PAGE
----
If you’re a growing adult like me chances are that you’ve noticed how differently your body reacts to your eating habits compared to say, 5 years ago. Back then, you could get away with eating heavy meals three times daily, plus that small chops pack Chioma shared in the office, the party jollof your sister in-law saved for you and the night time Akara that you just couldn’t resist on your way back from work. These days, your body protests more vehemently with incriminating constipation because it doesn’t burn those calories as quickly as it used to. Now you find that you’re in your late 20’s, 30’s or 40’s wondering how to remain the person who can climb a flight of stairs without panting like you just did a 100-metre sprint.
Growing old has been a dreaded life process for many because statistically, older adults are more susceptible to degenerative ailments but I’m certain everyone would like to be as fit and look as healthy as Kate Henshaw at 50 years old.
So, what we eat definitely has a role to play in how we manage our health; If you have been to the market to buy food in the past few months, you are one of many in shock at the increase in the cost of food stuff. The prices of major food items have incredulously risen by 100 – 400%, befuddling everyday Nigerians but more disturbingly, limiting the purchasing power of most citizens.
There has never been a better time in our history to make a compelling point for healthy eating on a budget. Yes, yes, the primary motivator for eating healthy should be living a full and happy life through conscious eating of whole foods but who doesn’t love a good bargain.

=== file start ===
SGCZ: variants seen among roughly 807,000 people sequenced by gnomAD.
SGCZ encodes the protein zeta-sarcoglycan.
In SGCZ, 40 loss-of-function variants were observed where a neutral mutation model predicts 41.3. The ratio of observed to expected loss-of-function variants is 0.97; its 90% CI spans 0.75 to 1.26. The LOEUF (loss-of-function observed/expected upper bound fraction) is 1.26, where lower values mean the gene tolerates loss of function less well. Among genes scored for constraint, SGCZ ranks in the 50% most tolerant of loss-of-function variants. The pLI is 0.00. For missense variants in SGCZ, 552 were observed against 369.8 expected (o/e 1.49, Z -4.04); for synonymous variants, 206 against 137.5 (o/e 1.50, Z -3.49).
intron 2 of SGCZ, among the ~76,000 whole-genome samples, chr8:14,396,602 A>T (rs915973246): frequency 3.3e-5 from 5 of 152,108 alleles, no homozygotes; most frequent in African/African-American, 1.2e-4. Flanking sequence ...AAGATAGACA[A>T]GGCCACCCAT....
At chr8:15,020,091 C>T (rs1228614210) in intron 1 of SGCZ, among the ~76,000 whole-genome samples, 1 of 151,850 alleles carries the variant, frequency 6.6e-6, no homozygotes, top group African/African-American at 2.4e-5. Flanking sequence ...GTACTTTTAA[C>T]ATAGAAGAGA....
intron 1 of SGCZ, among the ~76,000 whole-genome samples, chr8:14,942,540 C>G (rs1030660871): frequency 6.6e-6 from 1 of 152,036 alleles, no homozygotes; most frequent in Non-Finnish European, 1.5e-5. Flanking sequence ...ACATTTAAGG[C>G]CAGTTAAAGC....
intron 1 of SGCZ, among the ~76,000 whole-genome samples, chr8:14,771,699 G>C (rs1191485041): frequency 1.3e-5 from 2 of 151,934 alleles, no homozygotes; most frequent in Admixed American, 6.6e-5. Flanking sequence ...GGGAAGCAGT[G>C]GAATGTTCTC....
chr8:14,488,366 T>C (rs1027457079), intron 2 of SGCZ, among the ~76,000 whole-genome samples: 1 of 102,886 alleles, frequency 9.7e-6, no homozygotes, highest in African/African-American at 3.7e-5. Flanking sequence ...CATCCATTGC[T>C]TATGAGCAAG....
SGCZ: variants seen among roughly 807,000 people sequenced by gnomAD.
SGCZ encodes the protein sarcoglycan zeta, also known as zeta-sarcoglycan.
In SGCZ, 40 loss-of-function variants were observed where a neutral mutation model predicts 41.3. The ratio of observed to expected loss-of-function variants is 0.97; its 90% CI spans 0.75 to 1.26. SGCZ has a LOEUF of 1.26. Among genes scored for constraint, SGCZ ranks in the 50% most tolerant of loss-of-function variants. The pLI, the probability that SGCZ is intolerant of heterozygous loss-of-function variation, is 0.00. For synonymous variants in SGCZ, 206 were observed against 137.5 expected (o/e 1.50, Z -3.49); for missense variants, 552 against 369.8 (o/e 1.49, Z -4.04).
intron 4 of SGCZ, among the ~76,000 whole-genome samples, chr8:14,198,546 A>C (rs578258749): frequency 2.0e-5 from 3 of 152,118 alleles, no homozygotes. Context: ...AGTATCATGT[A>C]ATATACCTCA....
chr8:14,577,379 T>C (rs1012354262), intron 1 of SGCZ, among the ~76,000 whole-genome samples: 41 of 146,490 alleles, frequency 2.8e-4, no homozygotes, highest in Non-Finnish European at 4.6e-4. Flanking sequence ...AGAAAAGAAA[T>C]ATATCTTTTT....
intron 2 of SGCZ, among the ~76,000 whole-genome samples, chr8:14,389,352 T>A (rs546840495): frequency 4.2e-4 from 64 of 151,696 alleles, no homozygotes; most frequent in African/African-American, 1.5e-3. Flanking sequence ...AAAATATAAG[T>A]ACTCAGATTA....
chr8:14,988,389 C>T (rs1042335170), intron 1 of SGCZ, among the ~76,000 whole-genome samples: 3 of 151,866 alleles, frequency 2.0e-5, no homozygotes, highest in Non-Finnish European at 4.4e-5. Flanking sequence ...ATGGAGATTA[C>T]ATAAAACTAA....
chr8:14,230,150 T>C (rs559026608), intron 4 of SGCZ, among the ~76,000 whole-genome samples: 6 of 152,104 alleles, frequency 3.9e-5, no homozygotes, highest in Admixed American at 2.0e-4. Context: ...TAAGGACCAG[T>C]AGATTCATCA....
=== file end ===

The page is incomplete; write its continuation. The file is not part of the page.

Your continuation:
In my opinion, living healthy on a budget not only helps you save money from food purchases, you will save cost from hospital bills, and potential budget on dietary impediments also.
Tips for Eating Healthy on a Budget
Plan your meals – One of the best ways to stay on the healthy track is consciously choosing your meals. Don’t let food just happen to you, planning what to eat and when to eat will ensure you don’t eat more than you should and helps you say no when you don’t need that meal.
In Nigeria, we’re very familiar with a home food timetable, if you didn’t grow up with one at home, you met it while in secondary school. It is a food menu itemized using the 7 days of the week and 3 meals per day including snacks. It helps you shop weekly or monthly according to what you need, keeping your bill within your budget. In your food timetable, include whole grains, tubers, vegetables, seasonal fruits and nuts that are very accessible and affordable in your area. You can always change your food menu depending on foods which are in season and most abundant.
Buy whole foods – Think of the items in your food menu according to four major food groups – carbohydrates, proteins, fats, and fruits and vegetables – look out for three or four food items to include in each category. For example, carbohydrates (rice, yam, potatoes, acha (quinoa)), protein (beans, eggs, soy beans, milk, egusi), fats (palm oil, groundnuts, walnuts, fish), vegetables (spinach, ugwu, waterleaf. Shopping whole foods is a way to guarantee that you have a balance of ingredients to make healthy meals. Avoid buying processed foods as they are usually more expensive and contain more sodium and sugar than whole foods.
Cook at home – Making your own meals at home will ensure that you certainly make only healthy meals for yourself, you have the benefit of choosing the best ingredients. In general, the cost of paying for one meal when you go to a restaurant can cover the cost of a home-made meal for 2 or more people, eating at home is way cheaper than eating out. Whole grains like oats or rice are cheaper per serving than most processed foods so home cooking can save you money while being healthy.
Don’t shy away from sales deals – Many business owners regularly offer sales and discounts to their customers. Enthusiastically participate in sales deals while meticulously cross-checking expiry dates, good bargains sometimes come with baggage. In addition, local markets which are usually located in satellite towns at the edge of the city have market days, one day of the week, when the cost of food items are cheaper because farmers supply food on that day.
The distance between you and the accomplishment of climbing stairs without distress is your choice to eat whole foods and plan your meals accordingly. It is not an easy option but practice will definitely make you perfect.